Editors' Choice

NGOs Urge Post-2015 Declaration Include Water, Sanitation as Basic Human Rights

Virtually every major international conference concludes with a “programme of action” (PoA) – described in U.N. jargon as “an outcome document” – preceded by a political declaration where 193 member states religiously pledge to honour their commitments.

The Definition of ‘Rape’ Cannot Change with a Marriage Certificate

"I was brutally raped thrice by my husband. He kept me under surveillance in his Dubai house while I suffered from severe malnutrition and depression. When I tried to flee from this hellhole, he confiscated my passport, deprived me of money and beat me up," recalls Anna Marie Lopes, 28, a rape survivor who after six years of torture, finally managed to board a flight to New Delhi from the United Arab Emirates in 2012.

Reviving Dignity: The Remarkable Perseverance of Myanmar’s Displaced

In Myanmar’s Western Rakhine State, over a hundred thousand people displaced by inter communal violence that broke out nearly three years ago remain interned in camps on torrid plains and coastal marshes, struggling to survive.

The U.N. at 70: Risk Averse, Unsafe and Too Old

On Apr. 20, this year, four of my colleagues tragically lost their lives in Northern Somalia, when an explosive device ripped through their minibus as they travelled back to their guesthouse.

IACHR Tackles Violence Against Native Peoples in Costa Rica

After years of violence against two indigenous groups in Costa Rica, the Inter-American Commission on Human Rights (IACHR) demanded that the government adopt measures by May 15 to protect the life and physical integrity of the members of the two communities.

Farmers Fight Real Estate Developers for Kenya’s Most Prized Asset: Land

Vegetables grown in the lush soil of this quiet agricultural community in central Kenya’s fertile wetlands not only feed the farmers who tend the crops, but also make their way into the marketplaces of Nairobi, the country’s capital, some 150 km south.

Migrants Between Scylla and Charybdis

Not even a month has passed since over 700 hundred migrants lost their lives in their attempt to reaching the shores of Italy and the media spotlights have already faded on the island of Sicily, Italy’s southern region and main gateway to Europe.

Analysis: Global Politics at a Turning Point – Part 2

In the following months, reports of the use of chemical weapons by Syrian forces multiplied. The most serious was an allegation that the Syrian army had used sarin gas on Mar. 19, 2013 at Khan al Assal, north of Aleppo, and in a suburb of Damascus against its opponents. This was followed by two more allegations of small attacks in April.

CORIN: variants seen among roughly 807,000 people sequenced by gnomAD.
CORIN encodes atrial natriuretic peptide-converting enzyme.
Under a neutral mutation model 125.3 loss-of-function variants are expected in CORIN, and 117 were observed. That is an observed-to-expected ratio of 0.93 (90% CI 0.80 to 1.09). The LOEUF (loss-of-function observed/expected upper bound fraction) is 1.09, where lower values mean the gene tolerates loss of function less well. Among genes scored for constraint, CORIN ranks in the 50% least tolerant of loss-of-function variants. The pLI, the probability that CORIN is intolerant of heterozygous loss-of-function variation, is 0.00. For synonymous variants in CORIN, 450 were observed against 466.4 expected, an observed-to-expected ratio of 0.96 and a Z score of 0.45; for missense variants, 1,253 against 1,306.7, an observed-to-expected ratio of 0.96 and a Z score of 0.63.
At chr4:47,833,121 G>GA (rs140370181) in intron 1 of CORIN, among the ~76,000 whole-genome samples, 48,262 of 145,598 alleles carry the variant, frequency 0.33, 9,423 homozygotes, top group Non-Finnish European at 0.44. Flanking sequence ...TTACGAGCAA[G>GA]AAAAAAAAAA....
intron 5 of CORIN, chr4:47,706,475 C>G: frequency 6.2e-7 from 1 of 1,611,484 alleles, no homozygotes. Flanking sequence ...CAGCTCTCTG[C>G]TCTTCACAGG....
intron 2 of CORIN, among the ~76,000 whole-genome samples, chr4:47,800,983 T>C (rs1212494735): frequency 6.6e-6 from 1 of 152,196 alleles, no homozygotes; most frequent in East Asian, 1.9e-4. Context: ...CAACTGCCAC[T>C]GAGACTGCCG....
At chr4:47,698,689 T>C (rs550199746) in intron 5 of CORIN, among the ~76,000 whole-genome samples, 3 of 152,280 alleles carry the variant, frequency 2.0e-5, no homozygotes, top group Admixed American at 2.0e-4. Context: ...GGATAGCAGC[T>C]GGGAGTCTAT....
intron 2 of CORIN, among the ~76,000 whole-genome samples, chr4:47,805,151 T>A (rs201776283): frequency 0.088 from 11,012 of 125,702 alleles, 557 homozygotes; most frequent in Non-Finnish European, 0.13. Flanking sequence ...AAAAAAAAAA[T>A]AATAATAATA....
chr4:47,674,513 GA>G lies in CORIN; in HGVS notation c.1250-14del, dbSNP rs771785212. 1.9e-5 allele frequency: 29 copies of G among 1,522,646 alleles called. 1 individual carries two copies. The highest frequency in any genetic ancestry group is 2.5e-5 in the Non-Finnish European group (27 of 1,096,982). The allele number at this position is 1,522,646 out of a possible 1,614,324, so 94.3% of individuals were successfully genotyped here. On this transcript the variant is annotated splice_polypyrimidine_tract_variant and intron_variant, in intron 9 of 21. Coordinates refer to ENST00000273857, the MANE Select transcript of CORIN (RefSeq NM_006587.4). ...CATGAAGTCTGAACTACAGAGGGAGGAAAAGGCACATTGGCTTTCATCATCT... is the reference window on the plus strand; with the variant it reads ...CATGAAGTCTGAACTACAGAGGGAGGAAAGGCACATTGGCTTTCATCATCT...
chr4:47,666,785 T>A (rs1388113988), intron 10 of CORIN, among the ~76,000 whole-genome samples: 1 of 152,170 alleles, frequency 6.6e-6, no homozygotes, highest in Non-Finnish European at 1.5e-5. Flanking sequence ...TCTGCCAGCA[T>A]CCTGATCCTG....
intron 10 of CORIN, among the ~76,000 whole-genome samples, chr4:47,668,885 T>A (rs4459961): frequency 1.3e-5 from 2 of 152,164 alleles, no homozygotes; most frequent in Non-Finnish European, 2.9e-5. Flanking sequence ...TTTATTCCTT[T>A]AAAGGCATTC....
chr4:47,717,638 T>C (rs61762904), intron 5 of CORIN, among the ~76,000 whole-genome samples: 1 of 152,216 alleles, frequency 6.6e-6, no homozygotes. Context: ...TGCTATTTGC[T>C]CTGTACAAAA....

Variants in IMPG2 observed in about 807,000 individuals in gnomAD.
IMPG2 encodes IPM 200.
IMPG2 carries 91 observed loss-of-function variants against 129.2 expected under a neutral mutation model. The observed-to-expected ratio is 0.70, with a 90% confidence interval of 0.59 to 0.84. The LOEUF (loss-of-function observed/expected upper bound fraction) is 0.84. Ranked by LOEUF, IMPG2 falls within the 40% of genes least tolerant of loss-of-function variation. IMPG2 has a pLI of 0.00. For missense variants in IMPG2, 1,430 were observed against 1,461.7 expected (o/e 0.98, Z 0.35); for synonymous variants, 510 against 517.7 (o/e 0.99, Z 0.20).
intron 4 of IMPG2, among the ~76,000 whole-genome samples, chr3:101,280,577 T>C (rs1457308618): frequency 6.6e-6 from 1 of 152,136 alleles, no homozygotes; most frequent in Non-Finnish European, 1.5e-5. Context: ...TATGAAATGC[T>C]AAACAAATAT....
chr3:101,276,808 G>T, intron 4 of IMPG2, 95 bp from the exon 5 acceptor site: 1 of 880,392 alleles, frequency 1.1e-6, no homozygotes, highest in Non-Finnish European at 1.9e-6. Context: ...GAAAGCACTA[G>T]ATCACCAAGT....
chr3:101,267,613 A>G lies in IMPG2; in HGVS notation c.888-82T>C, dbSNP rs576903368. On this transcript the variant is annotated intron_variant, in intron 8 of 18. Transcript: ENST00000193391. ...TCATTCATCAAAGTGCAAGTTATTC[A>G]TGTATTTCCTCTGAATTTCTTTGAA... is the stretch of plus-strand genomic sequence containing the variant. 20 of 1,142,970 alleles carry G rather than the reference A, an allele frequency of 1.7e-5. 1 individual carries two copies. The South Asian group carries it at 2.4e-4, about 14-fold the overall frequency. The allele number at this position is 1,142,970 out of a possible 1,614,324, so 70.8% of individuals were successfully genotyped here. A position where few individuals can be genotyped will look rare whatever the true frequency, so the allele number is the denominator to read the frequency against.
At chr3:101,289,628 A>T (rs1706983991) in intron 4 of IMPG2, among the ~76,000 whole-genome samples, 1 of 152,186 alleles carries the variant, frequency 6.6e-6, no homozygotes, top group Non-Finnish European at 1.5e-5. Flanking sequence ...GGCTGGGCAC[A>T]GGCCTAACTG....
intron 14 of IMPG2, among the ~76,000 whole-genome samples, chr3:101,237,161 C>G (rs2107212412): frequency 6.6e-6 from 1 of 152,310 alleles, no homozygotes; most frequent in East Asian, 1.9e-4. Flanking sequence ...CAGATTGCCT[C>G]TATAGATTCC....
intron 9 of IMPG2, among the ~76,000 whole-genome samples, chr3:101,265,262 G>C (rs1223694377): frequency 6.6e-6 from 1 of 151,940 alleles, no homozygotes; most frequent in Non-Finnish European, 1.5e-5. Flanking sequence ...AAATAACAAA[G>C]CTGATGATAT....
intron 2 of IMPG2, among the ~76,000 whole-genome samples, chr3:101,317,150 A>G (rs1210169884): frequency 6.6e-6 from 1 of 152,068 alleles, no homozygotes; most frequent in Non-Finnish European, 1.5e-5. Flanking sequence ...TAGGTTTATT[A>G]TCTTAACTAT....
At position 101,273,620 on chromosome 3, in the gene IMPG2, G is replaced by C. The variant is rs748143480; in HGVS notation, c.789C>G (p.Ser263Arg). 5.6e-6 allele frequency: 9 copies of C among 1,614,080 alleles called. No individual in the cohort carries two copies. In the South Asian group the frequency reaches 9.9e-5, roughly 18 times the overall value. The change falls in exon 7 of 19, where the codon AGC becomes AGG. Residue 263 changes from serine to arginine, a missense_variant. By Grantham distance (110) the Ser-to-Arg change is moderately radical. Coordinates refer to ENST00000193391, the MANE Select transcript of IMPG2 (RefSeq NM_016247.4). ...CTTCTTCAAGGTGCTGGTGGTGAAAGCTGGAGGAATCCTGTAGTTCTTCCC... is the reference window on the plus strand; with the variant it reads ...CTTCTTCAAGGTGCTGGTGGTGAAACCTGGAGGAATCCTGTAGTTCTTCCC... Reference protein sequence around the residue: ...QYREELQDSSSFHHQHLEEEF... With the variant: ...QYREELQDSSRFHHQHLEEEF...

Analysis: Global Politics at a Turning Point – Part 1

President Barack Obama’s Nowroz greeting to the Iranian people earlier this year was the first clear indication to the world that the United States and Iran were very close to agreement on the contents of the nuclear agreement they had been working towards for the previous 16 months.

Latin America’s Social Policies Have Given Women a Boost

Although they do not specifically target women, social policies like family allowances and pensions have improved the lives of women in Latin America, the region that has made the biggest strides so far this century in terms of gender equality, although there is still a long way to go.

The Biggest Lessons Nepal Will Take Away From This Tragedy

There has never been any doubt that Nepal is sitting on one of the most seismically active areas in South Asia. The fact that, when the big one struck, damages and deaths would be catastrophic has been known for years.

Living the Indigenous Way, from the Jungles to the Mountains

In the course of human history many tens of thousands of communities have survived and thrived for hundreds, even thousands, of years. Scores of these largely self-sustaining traditional communities continue to this day in remote jungles, forests, mountains, deserts, and in the icy regions of the North. A few remain completely isolated from modern society.

Sri Lanka’s Development Goals Fall Short on Gender Equality

When Rosy Senanayake, Sri Lanka’s minister of state for child affairs, addressed the U.N. Commission on Population and Development (CPD) in New York last month, she articulated both the successes and shortcomings of gender equality in a country which prided itself electing the world’s first female head of government: Mrs. Sirimavo Bandaranaike in July 1960.

Urban Slums a Death Trap for Poor Children

It’s called the urban survival gap – fuelled by the growing inequality between rich and poor in both developing and developed countries – and it literally determines whether millions of infants will live or die before their fifth birthday.

Costa Rica’s Energy Nearly 100 Percent Clean

Costa Rica has almost reached its goal of an energy mix based solely on renewable sources, harnessing solar, wind and geothermal power, as well as the energy of the country’s rivers.

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